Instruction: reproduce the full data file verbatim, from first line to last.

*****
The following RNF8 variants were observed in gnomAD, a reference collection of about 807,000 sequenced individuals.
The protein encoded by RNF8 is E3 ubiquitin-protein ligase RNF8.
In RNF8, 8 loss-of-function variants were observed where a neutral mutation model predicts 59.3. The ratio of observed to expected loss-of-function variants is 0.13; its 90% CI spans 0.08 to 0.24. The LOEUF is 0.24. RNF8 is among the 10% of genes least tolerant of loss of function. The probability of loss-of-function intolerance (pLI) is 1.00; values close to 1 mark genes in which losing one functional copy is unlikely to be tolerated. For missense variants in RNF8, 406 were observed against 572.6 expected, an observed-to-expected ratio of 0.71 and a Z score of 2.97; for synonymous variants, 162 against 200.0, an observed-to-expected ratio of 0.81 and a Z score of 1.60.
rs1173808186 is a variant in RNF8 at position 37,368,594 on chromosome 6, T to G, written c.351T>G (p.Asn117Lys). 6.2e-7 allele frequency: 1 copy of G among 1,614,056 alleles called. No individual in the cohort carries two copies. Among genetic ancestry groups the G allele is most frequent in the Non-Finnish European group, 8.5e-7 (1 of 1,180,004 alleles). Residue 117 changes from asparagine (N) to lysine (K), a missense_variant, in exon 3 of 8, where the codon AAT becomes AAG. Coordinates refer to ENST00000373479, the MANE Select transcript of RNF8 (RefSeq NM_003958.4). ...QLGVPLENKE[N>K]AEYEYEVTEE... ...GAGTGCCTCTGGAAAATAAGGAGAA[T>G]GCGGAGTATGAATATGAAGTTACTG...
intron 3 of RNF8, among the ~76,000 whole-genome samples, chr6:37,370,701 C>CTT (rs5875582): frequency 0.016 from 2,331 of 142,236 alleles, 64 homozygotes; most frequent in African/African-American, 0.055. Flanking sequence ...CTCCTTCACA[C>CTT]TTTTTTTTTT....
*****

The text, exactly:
The following RNF8 variants were observed in gnomAD, a reference collection of about 807,000 sequenced individuals.
The protein encoded by RNF8 is E3 ubiquitin-protein ligase RNF8.
In RNF8, 8 loss-of-function variants were observed where a neutral mutation model predicts 59.3. The ratio of observed to expected loss-of-function variants is 0.13; its 90% CI spans 0.08 to 0.24. The LOEUF is 0.24. RNF8 is among the 10% of genes least tolerant of loss of function. The probability of loss-of-function intolerance (pLI) is 1.00; values close to 1 mark genes in which losing one functional copy is unlikely to be tolerated. For missense variants in RNF8, 406 were observed against 572.6 expected, an observed-to-expected ratio of 0.71 and a Z score of 2.97; for synonymous variants, 162 against 200.0, an observed-to-expected ratio of 0.81 and a Z score of 1.60.
rs1173808186 is a variant in RNF8 at position 37,368,594 on chromosome 6, T to G, written c.351T>G (p.Asn117Lys). 6.2e-7 allele frequency: 1 copy of G among 1,614,056 alleles called. No individual in the cohort carries two copies. Among genetic ancestry groups the G allele is most frequent in the Non-Finnish European group, 8.5e-7 (1 of 1,180,004 alleles). Residue 117 changes from asparagine (N) to lysine (K), a missense_variant, in exon 3 of 8, where the codon AAT becomes AAG. Coordinates refer to ENST00000373479, the MANE Select transcript of RNF8 (RefSeq NM_003958.4). ...QLGVPLENKE[N>K]AEYEYEVTEE... ...GAGTGCCTCTGGAAAATAAGGAGAA[T>G]GCGGAGTATGAATATGAAGTTACTG...
intron 3 of RNF8, among the ~76,000 whole-genome samples, chr6:37,370,701 C>CTT (rs5875582): frequency 0.016 from 2,331 of 142,236 alleles, 64 homozygotes; most frequent in African/African-American, 0.055. Flanking sequence ...CTCCTTCACA[C>CTT]TTTTTTTTTT....